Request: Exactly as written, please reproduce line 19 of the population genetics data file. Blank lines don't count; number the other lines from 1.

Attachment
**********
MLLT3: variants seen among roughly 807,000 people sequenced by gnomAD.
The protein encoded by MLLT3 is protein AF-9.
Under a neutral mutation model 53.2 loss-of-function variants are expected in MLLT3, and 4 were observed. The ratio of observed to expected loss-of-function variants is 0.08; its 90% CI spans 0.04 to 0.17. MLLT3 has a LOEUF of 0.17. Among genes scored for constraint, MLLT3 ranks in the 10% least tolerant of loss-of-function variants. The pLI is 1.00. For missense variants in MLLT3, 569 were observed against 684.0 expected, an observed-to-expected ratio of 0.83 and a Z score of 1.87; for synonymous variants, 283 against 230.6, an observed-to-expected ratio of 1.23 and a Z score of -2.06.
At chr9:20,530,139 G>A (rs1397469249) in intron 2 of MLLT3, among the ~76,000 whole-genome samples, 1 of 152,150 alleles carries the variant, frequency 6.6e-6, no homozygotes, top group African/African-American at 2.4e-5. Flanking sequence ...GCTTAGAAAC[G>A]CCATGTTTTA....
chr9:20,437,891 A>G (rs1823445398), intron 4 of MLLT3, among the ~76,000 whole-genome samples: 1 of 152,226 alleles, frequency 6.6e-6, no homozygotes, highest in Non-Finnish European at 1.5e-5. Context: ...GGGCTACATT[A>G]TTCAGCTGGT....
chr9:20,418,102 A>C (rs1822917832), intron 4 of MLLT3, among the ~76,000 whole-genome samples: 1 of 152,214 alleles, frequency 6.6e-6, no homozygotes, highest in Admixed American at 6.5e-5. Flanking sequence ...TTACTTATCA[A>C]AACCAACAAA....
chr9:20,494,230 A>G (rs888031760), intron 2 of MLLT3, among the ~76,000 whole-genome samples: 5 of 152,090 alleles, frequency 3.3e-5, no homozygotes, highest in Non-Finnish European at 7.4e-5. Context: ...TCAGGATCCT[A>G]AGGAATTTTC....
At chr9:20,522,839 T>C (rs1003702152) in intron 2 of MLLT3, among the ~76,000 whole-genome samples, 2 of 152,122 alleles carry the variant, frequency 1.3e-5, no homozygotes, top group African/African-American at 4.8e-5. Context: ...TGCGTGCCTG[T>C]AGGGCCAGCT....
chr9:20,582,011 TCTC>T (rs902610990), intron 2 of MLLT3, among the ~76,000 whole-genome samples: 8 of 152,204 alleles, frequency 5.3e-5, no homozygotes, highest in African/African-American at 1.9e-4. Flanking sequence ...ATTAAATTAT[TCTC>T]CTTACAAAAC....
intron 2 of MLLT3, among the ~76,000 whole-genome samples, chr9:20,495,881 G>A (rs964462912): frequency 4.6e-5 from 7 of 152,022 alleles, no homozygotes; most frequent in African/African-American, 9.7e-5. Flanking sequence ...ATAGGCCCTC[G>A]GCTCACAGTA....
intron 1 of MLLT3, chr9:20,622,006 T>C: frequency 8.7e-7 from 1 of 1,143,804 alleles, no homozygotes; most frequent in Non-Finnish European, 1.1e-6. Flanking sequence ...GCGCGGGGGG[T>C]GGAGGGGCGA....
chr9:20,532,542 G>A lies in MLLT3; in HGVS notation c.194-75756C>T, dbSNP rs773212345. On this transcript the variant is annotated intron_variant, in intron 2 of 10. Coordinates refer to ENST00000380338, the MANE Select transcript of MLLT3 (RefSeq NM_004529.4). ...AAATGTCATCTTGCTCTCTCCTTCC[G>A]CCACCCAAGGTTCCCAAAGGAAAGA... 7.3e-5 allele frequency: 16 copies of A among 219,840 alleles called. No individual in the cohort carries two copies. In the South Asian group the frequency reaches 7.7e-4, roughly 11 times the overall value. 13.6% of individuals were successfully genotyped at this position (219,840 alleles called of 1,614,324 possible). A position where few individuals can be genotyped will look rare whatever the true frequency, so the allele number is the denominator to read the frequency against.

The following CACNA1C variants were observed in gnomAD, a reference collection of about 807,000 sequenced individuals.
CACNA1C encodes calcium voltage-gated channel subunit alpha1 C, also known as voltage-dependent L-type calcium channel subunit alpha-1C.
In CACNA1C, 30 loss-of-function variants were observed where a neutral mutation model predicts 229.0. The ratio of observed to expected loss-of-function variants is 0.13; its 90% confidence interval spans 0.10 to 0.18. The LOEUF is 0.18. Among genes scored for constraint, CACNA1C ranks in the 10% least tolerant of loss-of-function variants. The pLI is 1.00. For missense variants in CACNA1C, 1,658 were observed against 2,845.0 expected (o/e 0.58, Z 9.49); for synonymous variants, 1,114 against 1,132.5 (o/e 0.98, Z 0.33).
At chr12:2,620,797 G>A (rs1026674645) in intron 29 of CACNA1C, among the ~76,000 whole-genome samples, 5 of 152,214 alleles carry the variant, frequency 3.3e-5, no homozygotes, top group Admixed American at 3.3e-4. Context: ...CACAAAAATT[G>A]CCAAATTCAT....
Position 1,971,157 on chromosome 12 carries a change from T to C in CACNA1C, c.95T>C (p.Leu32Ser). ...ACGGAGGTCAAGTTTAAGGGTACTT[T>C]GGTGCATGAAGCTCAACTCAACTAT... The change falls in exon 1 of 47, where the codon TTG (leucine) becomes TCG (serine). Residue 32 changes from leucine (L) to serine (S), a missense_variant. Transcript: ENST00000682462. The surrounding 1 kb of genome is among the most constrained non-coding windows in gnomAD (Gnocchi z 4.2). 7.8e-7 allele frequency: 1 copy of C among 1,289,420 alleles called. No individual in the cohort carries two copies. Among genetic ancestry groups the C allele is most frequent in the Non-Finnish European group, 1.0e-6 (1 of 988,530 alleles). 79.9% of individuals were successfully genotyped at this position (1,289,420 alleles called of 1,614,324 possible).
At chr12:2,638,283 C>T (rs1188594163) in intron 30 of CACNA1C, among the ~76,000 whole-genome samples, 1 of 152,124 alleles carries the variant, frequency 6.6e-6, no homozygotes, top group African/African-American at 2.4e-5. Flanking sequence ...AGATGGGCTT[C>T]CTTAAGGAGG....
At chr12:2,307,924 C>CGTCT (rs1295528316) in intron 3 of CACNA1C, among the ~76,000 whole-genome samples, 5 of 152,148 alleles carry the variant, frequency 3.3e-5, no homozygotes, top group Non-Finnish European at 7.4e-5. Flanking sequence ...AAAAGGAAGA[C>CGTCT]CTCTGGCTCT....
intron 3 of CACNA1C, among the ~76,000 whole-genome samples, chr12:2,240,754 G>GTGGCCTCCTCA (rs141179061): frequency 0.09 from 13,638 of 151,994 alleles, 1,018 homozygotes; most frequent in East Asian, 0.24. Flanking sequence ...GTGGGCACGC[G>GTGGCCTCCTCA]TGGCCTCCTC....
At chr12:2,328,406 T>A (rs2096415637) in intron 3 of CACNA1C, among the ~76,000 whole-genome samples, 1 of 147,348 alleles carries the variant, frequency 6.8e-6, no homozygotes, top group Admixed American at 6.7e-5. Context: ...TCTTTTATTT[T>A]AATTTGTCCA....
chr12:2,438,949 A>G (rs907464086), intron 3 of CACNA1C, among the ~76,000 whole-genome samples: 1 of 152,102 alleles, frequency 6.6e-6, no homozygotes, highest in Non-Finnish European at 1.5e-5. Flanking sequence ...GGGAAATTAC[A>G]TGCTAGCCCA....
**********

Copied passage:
At chr12:2,307,924 C>CGTCT (rs1295528316) in intron 3 of CACNA1C, among the ~76,000 whole-genome samples, 5 of 152,148 alleles carry the variant, frequency 3.3e-5, no homozygotes, top group Non-Finnish European at 7.4e-5. Flanking sequence ...AAAAGGAAGA[C>CGTCT]CTCTGGCTCT....